I think the answer is in parts; the first being that the system is unfriendly for aspiring politicians. When politicians  meet lecturers to reschedule or give them separate tests because of their functions, the lecturers would say something like "Is that why you were sent to school?", and although they are right, why then are there student unions if students are not meant to occupy them? The stress of academics is so great that a number of students cave under, and then combined with the stress of politics seems too much to bear.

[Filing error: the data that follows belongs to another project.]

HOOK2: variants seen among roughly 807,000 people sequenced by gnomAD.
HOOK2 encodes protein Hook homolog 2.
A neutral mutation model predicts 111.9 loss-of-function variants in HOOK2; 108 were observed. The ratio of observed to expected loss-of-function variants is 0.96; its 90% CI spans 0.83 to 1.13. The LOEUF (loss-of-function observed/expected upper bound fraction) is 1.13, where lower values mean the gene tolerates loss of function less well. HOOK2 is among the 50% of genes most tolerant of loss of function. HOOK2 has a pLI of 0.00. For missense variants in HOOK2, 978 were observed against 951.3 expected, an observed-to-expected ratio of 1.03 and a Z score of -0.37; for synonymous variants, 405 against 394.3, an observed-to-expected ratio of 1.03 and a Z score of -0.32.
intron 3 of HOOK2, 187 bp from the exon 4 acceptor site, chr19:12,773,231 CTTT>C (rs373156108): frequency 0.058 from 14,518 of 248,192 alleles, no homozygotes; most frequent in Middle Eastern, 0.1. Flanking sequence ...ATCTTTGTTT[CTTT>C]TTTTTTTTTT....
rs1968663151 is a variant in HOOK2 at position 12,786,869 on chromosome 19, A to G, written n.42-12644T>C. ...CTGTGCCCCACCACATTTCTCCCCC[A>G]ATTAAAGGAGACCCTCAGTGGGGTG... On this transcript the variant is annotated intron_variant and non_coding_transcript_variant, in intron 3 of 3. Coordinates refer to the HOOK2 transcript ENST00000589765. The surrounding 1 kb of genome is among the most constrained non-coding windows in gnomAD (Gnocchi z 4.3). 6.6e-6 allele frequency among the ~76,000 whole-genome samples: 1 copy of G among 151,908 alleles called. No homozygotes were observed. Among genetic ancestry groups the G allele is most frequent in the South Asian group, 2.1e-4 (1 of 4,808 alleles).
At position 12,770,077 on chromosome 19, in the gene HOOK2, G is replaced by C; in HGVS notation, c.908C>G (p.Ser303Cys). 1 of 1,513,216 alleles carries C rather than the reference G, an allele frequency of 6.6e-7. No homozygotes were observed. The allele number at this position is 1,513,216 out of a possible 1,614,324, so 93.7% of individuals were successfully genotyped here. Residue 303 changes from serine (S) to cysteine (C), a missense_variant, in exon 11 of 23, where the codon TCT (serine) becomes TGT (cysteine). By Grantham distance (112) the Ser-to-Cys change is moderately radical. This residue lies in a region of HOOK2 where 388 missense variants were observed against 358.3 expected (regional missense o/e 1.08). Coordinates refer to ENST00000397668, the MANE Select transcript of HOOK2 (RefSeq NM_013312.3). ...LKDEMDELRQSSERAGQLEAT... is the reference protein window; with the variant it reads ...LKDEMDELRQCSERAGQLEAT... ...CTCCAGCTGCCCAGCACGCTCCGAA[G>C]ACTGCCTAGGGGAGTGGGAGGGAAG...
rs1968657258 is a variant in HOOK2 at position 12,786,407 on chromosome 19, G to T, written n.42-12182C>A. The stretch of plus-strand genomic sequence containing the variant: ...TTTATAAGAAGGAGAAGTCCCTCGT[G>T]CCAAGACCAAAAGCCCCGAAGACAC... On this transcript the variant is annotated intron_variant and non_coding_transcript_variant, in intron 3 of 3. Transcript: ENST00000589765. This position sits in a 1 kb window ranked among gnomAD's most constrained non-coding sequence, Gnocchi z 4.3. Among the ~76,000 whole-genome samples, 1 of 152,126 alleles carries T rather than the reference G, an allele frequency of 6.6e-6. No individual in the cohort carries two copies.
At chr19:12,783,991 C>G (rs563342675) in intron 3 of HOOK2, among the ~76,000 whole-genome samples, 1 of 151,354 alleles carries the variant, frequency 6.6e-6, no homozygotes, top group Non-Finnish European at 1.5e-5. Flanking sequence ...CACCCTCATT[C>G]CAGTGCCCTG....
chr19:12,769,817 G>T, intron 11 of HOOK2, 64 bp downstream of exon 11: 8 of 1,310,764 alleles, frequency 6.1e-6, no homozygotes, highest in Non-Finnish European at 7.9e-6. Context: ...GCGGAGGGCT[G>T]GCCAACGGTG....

The next reason why there is a lack of interest is the myopia of students. In my school, there is no salary or allowance for the Executive Council members and as such they generate revenue themselves by sourcing for funds, looking for sponsors, organizing programmes and functions and various other activities (Yes, I know what I am saying. I am currently on the executive council of my faculty). Politics is stressful: a known fact, but it does give one a sense of what it is like to be outside school, searching for a job or as a commercial worker, searching for a potential buyer, it helps one to anticipate customer reactions and tastes as in when we issue out the faculty packages. It helps to nurture a person and give the person control over their emotions when under stress and unfavorable conditions, for example, after hours upon hours have been spent deliberating on what to present as a package and then going to markets in other cities to procure the goods in bulk, some students would at the end of the day say "Una no try, na rubbish be this"; the position of a leader would breed tolerance to such remarks. Notwithstanding, it would also breed negotiation skills with your superiors, one would learn how to hold their ground when even talking to a professor or a huge marketer. It also helps in building communication and inter-personal skills, teaches one how to write standard proposals and builds up their follow-up skills as well.